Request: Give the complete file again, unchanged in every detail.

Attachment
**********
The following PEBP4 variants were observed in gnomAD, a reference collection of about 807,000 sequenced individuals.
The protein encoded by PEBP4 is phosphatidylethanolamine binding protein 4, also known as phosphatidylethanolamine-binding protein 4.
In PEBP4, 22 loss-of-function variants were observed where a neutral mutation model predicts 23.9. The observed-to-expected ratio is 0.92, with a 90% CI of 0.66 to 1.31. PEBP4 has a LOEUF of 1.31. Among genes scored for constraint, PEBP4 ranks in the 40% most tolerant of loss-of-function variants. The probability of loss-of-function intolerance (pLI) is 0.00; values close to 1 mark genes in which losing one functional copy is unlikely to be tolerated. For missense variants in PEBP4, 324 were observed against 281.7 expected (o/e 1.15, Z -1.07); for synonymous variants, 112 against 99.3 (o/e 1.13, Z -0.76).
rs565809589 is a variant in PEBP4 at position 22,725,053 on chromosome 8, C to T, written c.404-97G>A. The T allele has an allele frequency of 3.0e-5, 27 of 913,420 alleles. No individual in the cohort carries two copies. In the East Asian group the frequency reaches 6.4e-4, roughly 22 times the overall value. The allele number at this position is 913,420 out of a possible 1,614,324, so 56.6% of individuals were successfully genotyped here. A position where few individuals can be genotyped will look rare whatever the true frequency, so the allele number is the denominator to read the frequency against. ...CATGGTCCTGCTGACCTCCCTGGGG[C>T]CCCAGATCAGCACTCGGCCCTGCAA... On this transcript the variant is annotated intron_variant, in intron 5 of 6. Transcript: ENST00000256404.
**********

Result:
The following PEBP4 variants were observed in gnomAD, a reference collection of about 807,000 sequenced individuals.
The protein encoded by PEBP4 is phosphatidylethanolamine binding protein 4, also known as phosphatidylethanolamine-binding protein 4.
In PEBP4, 22 loss-of-function variants were observed where a neutral mutation model predicts 23.9. The observed-to-expected ratio is 0.92, with a 90% CI of 0.66 to 1.31. PEBP4 has a LOEUF of 1.31. Among genes scored for constraint, PEBP4 ranks in the 40% most tolerant of loss-of-function variants. The probability of loss-of-function intolerance (pLI) is 0.00; values close to 1 mark genes in which losing one functional copy is unlikely to be tolerated. For missense variants in PEBP4, 324 were observed against 281.7 expected (o/e 1.15, Z -1.07); for synonymous variants, 112 against 99.3 (o/e 1.13, Z -0.76).
rs565809589 is a variant in PEBP4 at position 22,725,053 on chromosome 8, C to T, written c.404-97G>A. The T allele has an allele frequency of 3.0e-5, 27 of 913,420 alleles. No individual in the cohort carries two copies. In the East Asian group the frequency reaches 6.4e-4, roughly 22 times the overall value. The allele number at this position is 913,420 out of a possible 1,614,324, so 56.6% of individuals were successfully genotyped here. A position where few individuals can be genotyped will look rare whatever the true frequency, so the allele number is the denominator to read the frequency against. ...CATGGTCCTGCTGACCTCCCTGGGG[C>T]CCCAGATCAGCACTCGGCCCTGCAA... On this transcript the variant is annotated intron_variant, in intron 5 of 6. Transcript: ENST00000256404.